Final Edited Photograph

Lightroom Tutorial: How to Edit Dark Photos in Black & White Featured, Lightroom Tutorials, Presets in Action

In this tutorial we are going to start with a tough, dark photo because every concert photographer, whether just starting or a seasoned pro, runs into the issue of dark venues with sub-par and hard to catch lighting. Note: Some shadow detail, highlight detail and color is lost during the conversion from RAW to JPEG. You can download a low-res .tif copy here to follow along with this tutorial (right click the link and download or save image as).


Original Unedited Photo

Original Unedited Photo

Photo Meta Data:

Image Type: RAW
Focal Length: 50mm
Shutter Speed: 1/160
Aperture: f/1.4
ISO: 1600
Flash: No Flash


Step 1:

Presets-in-Action-01---02The first thing we want to do is to increase our exposure to bring out more light in all areas of the photo. For this we simply select “Exposure – (+2)” from the Basic Workflow Presets Pack. Alternately you can increase you exposure via the slider. Immediately you now see much more detail and some areas that are almost over exposed but don’t worry! We’ll get to that later. Also notice that there is a lot more noise showing through in the previously dark areas because of the high ISO. More on this coming later as well.

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Step 2:

Presets-in-Action-01-03Now you should apply the preset “Spotlight Highlight” from the Black & White Presets Pack. The photo is a more pleasing already because the color noise isn’t there to distract us any more. The contrast was adjusted by this preset as was the tone curve so there are no blown out highlights left except for some in the bokeh.

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Step 3:

Presets-in-Action-01-04Instead of applying noise reduction we are going to change a few settings in the panel titled “Basic”. This image already has quite a bit of grain and because it’s black and white, applying noise reduction will remove some fine details that make the photo what it is and will make it appear blurry.

  1. Color Temperature – Change from 4900 to 9000 to bring out a bit more contrast and depth.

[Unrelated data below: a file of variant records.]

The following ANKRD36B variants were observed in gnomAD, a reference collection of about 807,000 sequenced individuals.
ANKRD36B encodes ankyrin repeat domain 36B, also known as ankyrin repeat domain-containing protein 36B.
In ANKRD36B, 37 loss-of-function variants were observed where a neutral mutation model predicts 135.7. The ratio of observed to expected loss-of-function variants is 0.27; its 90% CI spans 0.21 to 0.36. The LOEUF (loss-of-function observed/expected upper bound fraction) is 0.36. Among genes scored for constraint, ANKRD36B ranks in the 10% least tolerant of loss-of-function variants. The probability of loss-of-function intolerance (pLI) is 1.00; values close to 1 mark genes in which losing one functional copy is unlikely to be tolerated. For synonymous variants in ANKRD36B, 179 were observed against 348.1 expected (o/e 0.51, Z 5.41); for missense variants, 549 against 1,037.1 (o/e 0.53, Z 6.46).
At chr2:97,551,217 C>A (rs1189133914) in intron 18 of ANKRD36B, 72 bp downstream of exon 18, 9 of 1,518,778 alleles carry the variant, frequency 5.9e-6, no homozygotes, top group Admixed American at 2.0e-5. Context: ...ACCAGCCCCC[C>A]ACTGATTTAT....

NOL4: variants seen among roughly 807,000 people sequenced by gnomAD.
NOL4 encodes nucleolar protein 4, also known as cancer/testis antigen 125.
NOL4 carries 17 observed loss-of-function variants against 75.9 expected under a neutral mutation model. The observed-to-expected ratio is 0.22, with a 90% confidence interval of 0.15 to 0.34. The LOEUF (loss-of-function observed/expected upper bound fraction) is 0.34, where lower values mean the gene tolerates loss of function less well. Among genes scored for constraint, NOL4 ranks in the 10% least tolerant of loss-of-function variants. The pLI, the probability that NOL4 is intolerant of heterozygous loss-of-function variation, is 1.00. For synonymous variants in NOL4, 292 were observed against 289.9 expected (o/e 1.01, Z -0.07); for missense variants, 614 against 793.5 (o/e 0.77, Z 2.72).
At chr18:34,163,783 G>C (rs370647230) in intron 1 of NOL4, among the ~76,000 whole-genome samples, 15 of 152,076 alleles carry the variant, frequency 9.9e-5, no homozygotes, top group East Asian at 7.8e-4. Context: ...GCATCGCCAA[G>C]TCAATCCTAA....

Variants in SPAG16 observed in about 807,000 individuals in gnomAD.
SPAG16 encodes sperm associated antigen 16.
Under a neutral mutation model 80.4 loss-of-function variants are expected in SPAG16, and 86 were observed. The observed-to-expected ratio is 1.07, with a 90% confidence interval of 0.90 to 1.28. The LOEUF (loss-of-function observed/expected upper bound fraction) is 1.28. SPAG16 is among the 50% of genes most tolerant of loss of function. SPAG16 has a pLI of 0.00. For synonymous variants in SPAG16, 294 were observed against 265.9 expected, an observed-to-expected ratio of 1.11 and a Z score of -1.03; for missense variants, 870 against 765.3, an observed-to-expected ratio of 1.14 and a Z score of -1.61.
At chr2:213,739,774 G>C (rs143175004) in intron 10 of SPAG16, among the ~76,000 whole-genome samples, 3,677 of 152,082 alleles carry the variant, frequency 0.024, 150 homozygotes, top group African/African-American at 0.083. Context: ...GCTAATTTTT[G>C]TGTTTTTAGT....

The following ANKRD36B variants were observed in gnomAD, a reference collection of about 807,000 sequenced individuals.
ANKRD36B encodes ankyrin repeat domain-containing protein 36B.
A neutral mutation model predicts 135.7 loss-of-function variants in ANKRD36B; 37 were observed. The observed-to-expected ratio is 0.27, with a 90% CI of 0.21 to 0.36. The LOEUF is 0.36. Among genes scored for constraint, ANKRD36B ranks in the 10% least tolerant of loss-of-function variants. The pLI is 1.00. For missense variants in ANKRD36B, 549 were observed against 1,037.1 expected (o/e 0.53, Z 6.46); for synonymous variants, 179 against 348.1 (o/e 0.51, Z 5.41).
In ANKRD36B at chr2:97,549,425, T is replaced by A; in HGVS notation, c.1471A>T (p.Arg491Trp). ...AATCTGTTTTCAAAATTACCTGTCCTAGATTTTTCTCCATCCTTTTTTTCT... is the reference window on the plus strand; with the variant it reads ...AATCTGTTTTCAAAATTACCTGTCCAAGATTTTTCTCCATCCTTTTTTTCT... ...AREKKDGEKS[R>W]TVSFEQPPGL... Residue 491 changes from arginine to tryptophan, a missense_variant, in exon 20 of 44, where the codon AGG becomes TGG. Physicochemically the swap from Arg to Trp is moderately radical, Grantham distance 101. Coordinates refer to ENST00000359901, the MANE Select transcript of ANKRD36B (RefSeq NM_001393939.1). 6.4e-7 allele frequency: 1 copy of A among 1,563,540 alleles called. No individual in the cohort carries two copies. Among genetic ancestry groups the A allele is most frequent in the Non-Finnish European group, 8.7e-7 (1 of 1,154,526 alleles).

2. Tint – Set to “-30” to help manage some of the noise in the shadows.
  3. Shadows – Set to “-25” to add a little more contrast and to help us so we won’t have to use as much noise reduction since the noise is in the shadows and blacks on this photo.
  4. Blacks – Set to “-10” for the same reasons as #2.
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Step 4:

Presets-in-Action-01-05The very bright areas of bokeh to the left of the photograph are distracting to the eye and the overall look. To correct this quickly we are going to use the graduated filter tool. It’s the one under the histogram that is shaped like a rectangle with solid lines. You can also press “M” on the keyboard to select it right away.

The settings I used are as follows:
Contrast: 38
Highlights: -74
Shadows: 17
Everything not listed is set to 0.

To apply the graduated filter, simply click and drag from your desired point. In my photo I started about an inch from the left and dragged the filter all the way over to the fingers. Feel free to adjust the settings after you apply the filter to your liking. Now our eyes are easily drawn to the hand without being distracted by extremely bright bokeh!

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Step 5:

The final adjustment is to change the Highlight Priority located in the panel titled “Effects”. Set it to somewhere between -10 and -20, the other settings are fine. You want to use it just enough to subtly guide the viewers eye to the hand in the photo, without actually making an oval spotlight effect.

We now have a clean, beautiful, natural-digital high ISO grain. You can apply the “Sharpen – I” preset from the Basic Workflow Preset Pack if you wish. It does not apply much sharpening, but just enough to bring out some further detail.

Final Edited Photograph

Final Edited Photograph